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Giants bullpen coughs up another game, losing streak at 7

Chris Heston pitched well, though! Feels like he should get credit somewhere in this awful post.

Ezra Shaw/Getty Images

Welcome back, odd-year jokes. Just put your shit anywhere and ... oh, I guess you've already made yourself at home.

This has been a season of binges and strange parties, reckless and indescribable fun followed by drunk tanks, ER visits, and court dates. One minute the Giants are at the hottest club, hitting on someone famous and making everyone laugh, and the next minute they've climbed a billboard to throw up over the freeway. There is no middle ground. There is no lukewarm. There is only ecstasy and pain. The Giants are a freshman art project from the dude in the Smiths shirt, and nuance will not be tolerated.

The gravity of .500 will apparently suck the Giants back into orbit all season. It's worth it to recap the season so far, to remember just how absurd it's been.

Phase 1: Pain

The Giants started the season 3-9. They allowed three-run homers every other game. They couldn't score, and they couldn't prevent runs. It was one of the worst starts of the San Francisco era, and that was the last we heard of the 2015 Giants.

Phase 2: Ecstasy

A sweep of the Dodgers! A glorious, glorious sweep. Two straight walkoff wins, each one annoying the Dodgers more than the last. By the end of the following homestand, the Giants were at .500, a calm and orderly 16-16. It seemed impossible after the fast start, but the gravity of .500 can suck the Giants up the straw, too. The Giants didn't lose a series in May, and they swept the Dodgers again, this time not allowing a run in three games.

The 2015 Giants were contenders. And you were so stupid with your numerology and superstitions.

Phase 3: Pain

Santiago Casilla blew a save against the Braves, and instead of winning three out of four, the Giants settle for a split. That's okay, because Casilla hardly blows anything. And, really, you don't actually believe in June swoons, right?

The Giants ended up losing five straight.

Phase 4: Ecstasy

A 4-2 road trip! This team might not be ...

Phase 5: Pain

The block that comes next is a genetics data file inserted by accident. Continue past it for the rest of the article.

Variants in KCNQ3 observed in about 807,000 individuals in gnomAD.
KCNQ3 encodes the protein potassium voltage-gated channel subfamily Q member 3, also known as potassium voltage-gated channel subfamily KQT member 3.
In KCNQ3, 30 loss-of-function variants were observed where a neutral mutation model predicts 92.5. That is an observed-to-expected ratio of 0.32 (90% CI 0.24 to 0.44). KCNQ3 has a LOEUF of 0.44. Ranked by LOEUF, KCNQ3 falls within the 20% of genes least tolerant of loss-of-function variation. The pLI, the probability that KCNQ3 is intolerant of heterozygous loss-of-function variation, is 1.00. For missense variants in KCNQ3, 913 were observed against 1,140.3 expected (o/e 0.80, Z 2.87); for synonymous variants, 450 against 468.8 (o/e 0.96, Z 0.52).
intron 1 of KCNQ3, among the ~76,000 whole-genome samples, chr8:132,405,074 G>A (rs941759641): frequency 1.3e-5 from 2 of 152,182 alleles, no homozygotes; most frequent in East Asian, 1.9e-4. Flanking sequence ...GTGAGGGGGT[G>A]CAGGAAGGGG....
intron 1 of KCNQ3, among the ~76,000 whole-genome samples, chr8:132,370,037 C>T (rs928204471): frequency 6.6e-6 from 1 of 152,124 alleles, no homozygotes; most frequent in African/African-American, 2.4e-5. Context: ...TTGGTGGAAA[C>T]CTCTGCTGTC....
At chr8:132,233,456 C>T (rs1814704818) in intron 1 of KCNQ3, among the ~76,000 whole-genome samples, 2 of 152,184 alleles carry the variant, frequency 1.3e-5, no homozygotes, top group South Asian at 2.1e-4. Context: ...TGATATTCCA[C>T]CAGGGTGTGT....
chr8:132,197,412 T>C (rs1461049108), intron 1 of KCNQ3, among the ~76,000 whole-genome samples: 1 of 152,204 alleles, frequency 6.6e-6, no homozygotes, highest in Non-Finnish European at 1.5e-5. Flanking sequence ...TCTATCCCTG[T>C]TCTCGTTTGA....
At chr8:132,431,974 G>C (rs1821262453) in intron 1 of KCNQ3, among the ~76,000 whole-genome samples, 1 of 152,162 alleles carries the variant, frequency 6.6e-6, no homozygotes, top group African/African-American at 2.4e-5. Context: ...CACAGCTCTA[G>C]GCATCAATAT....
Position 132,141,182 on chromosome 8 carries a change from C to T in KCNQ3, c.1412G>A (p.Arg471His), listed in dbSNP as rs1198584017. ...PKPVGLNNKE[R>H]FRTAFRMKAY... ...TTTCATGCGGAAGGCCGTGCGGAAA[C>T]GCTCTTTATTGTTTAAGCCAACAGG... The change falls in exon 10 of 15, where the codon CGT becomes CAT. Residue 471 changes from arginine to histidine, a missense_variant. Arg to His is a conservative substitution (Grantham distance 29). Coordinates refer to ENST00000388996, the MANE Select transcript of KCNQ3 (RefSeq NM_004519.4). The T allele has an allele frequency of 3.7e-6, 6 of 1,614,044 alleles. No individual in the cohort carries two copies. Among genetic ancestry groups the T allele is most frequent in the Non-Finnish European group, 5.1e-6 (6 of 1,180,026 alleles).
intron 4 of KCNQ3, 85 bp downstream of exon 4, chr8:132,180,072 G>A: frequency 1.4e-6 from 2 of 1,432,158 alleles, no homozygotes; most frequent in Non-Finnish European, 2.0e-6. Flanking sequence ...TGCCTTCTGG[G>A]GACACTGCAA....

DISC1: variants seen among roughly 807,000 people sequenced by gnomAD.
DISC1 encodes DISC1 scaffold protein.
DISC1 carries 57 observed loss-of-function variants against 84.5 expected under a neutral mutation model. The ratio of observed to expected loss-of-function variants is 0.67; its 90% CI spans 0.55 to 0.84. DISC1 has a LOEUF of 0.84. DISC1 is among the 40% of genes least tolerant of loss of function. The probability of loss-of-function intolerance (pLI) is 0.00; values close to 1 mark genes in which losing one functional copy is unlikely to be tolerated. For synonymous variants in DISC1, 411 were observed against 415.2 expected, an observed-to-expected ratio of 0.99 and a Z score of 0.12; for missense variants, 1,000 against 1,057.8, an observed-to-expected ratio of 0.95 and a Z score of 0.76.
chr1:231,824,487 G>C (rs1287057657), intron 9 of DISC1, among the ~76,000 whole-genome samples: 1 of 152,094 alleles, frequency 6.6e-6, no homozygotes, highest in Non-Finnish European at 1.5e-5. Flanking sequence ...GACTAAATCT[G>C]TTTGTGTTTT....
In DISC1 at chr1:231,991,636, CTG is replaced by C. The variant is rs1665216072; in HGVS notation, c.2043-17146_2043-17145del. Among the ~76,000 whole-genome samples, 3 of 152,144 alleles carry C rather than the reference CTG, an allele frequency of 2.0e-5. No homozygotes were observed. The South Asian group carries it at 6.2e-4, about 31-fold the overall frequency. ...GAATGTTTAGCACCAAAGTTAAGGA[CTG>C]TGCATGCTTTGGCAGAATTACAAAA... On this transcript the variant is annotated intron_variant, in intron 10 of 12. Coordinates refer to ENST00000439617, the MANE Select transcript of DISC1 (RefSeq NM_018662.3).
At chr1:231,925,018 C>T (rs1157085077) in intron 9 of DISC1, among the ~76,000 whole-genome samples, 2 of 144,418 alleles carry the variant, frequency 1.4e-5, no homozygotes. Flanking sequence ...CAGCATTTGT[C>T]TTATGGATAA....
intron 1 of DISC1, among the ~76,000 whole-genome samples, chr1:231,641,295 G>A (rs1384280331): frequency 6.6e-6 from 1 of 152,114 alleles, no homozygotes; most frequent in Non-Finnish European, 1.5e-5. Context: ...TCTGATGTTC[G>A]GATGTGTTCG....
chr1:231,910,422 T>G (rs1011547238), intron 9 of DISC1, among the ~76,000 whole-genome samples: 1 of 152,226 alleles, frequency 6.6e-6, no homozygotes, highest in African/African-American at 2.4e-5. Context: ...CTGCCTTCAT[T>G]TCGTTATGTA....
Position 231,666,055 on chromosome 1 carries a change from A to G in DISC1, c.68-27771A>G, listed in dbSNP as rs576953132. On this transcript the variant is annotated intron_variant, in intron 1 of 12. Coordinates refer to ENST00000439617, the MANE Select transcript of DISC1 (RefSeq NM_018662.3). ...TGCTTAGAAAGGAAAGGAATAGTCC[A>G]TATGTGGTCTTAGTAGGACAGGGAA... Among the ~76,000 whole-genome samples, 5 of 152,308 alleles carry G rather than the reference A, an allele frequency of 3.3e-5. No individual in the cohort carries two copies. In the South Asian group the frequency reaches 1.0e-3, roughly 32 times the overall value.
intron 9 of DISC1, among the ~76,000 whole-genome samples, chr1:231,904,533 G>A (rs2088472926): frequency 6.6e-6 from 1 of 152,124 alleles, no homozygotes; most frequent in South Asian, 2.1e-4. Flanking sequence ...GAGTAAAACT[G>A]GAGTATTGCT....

Five losses in a row, again.

Phase 6: Muted delight

Another series win against the Dodgers, this time on the road! A winning homestand after that! Why, there's nothing that could possibly ...

Phase 7: The dull ache of .500, sitting on your chest and doing a crossword puzzle

Seven losses in a row. It started when Mat Latos rubbed up against them in Miami, and it will never end. Good teams don't lose seven games in a row. They certainly don't do it twice in the same season. Do you know the last time the Giants lost seven games twice in the same season? In 2000, when they ... finished with the best record in baseball.

Well, you can't expect me to trot that out as optimism right now. I'll just leave that factlet there in case you want to smell it when no one's looking.


Seasons with four losing streaks of five games or more, AT&T Park era:

2006 (two five-games, one six-game, one nine-game)
2008 (two five-game losing streaks, two six-game)

That's it. Those teams were awful, too. The good news is the season is just a little more than half over, and there's a lot of time to chase the 1996 Giants, who hold the San Francisco record with six losing streaks of five games or more. Keep at it, fellas. We believe in you.


What's the diagnosis, then? Why is this team so streaky?

First, it's a team with scattered power. When the singles aren't stacked together, it's a feckless bunch.

Second, they can't hit at home. Remember the apocryphal (almost certainly true) story about the crab sandwiches. AT&T Park is apparently an easy park to defend if you're not worried about the other team hitting the ball 420 feet into Triples Alley. Everyone gets to play singles defense against the Giants, which is exactly what they should do.

Third, you probably did something creepy in your personal life, and you're being punished.

Fourth, the bullpen is old and tired. If they're not that old in years, their shoulders and elbows are. The core four members of the bullpen are responsible for a lot of happy fun-time memories around here, so be nice. But the snap is gone. You know, the snap. On all the breaking balls and fastballs and what have you.

Fifth, the starting pitching really is pretty lousy after Madison Bumgarner and Chris Heston, you know.

Sixth, Hunter Pence and Norichika Aoki were broken by dumb pitchers on dumb teams, and their replacements have been a collective drag.

When the hits fall in, and when they do it in bunches, the Giants are the kind of team that can make you believe. They have the best infield in baseball. They have the best catcher in baseball. They can score when they're healthy.

When the hits don't fall in, absolutely nothing else is good enough. The Giants couldn't hit Jonathan Niese, who is like the Ted Lilly of annoying left-handers -- a boring, hit-yer-spots guy who makes the Giants look completely nauseous when he hits his spots.

It didn't help that the Giants had a lineup on Monday that featured some of the worst hitters in the league (2), a broken and achey hitter (1), a green youngster who might or might not grow up to be average one day (1), and left-handers who were likely to struggle against Niese (2). The lineup was basically "SAVE US BUSTER AND MATT DUFFY" in 400-point font, taped to the front of the fridge.

They didn't get the note, and it's hard to blame anyone in particular. This team probably isn't that bad, but I'm not going to put money on that claim. They will probably win another game this year. Probably.


The last time the Giants had two losing streaks of eight games in a row or more in the same season, it was 1972. They traded Willie Mays and started a death spiral that lasted 15 years.

I'm sure this team will be fine, though.